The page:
3. Location and Poaching
It is a small touristy town with several shark cage diving companies, one of which you’ll be working for, washing wetsuits and cleaning the boat. There is very little nightlife. There is one restaurant within walking distance. It’s beautiful for all ocean and nature lovers. Sadly, the first thing the project intern informed us of was that it’s unsafe to go out alone after dark because of, according to them, an abundance of poachers who will threaten and even physically harm anyone they perceive to be watching them too closely. The intern stated there are many, many poachers who collect abalone illegally every night and that the local police are paid off to look the other way. I suggested reporting the poaching to a level above the local police. The intern advised us not to report the poaching and that it’s the “Great Projects” policy not to interfere with poaching, which was surprising and disturbing. I reported the poaching to a third party watchdog group anyway and, a week later, was told by a Cape Town resident that arrests for poaching were made in Gansbaai. Coincidence? And why didn’t the staff of the “Great Projects” do that from the start? How can you say you support and promote marine conservation yet turn a blind eye to poaching and actively dissuade others from reporting it? Hmmmm.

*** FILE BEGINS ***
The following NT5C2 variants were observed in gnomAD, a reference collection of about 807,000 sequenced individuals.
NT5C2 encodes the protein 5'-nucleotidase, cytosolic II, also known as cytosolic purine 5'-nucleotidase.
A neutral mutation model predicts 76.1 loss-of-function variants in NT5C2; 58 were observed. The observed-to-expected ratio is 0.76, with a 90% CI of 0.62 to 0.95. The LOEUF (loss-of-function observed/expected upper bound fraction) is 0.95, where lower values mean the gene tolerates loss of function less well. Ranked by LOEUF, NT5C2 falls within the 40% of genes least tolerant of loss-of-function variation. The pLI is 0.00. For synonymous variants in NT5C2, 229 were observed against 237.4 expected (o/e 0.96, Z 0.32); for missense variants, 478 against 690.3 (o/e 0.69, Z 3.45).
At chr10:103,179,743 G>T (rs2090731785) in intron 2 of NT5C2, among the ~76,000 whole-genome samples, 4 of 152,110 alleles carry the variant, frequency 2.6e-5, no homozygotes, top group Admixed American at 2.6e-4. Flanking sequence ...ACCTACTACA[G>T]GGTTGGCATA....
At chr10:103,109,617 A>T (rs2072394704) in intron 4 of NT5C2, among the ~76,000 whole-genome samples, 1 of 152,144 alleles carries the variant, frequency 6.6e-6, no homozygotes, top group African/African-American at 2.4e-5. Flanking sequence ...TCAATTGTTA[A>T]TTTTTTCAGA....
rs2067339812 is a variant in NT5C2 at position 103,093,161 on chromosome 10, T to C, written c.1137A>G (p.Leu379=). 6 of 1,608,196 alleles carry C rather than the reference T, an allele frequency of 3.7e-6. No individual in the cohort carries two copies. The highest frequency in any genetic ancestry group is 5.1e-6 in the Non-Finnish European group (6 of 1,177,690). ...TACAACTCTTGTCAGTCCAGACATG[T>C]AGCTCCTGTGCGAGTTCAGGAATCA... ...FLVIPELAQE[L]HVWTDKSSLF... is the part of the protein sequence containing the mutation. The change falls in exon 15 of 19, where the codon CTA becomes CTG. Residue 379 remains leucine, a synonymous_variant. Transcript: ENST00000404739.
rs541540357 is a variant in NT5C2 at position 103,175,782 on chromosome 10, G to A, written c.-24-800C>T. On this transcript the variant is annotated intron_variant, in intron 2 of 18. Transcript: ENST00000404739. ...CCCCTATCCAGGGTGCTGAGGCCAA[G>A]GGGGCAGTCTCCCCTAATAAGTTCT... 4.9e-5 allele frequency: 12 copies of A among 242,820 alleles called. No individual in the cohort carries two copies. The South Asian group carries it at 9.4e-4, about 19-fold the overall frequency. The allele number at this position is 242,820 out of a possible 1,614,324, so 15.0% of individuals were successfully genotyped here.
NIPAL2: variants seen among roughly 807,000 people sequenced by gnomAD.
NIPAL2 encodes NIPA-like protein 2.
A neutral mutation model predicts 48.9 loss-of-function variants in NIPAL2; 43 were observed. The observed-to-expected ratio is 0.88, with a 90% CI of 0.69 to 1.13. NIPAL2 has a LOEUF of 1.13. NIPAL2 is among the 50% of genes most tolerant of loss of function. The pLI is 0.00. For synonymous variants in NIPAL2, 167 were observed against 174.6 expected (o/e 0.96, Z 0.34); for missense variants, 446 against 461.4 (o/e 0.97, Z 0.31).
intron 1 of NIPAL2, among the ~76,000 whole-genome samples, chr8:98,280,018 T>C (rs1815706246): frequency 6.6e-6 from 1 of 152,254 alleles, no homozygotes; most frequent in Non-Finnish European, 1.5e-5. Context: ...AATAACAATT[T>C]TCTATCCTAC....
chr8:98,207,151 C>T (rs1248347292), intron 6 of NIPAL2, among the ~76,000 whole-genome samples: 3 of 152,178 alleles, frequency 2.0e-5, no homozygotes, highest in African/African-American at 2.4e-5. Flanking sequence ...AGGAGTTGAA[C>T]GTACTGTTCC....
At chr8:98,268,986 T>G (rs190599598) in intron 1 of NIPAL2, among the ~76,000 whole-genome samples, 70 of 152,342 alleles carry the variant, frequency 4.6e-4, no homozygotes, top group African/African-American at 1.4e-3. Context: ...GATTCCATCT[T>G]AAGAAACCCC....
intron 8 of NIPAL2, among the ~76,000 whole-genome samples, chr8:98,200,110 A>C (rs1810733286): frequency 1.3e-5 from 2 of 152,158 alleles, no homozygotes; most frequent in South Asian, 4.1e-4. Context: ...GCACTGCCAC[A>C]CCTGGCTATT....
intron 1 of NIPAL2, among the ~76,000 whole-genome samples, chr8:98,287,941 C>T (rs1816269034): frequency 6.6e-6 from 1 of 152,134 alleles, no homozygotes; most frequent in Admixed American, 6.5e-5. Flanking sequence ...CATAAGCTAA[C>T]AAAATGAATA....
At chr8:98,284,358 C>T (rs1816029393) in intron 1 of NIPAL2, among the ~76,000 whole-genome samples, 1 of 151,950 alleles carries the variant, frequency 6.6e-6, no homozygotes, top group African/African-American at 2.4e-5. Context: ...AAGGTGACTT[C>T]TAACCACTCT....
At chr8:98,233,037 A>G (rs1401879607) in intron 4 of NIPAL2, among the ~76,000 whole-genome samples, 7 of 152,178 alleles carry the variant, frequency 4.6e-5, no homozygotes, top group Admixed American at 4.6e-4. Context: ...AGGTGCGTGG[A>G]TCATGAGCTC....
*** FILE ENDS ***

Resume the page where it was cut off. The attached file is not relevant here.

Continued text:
4. Who Will the Other Volunteers Be?
Based on my experience and talking to others after the fact, the volunteers are majority female, white, teens to early 20’s. They tend to be majority from the UK, and most seem to be smokers. Based on what others told me, volunteers over 30 and volunteers who are professionals tend not to fare well with the project, partly due to the immaturity of the intern and volunteer coordinator and partly due to the lack of organisational structure/cohesion and partly due to the fact they’re bunking with excitable kids that may be their own kids’ ages. While I was there, though, even the teens had had it. At least three people under the age of 25 also left the program early.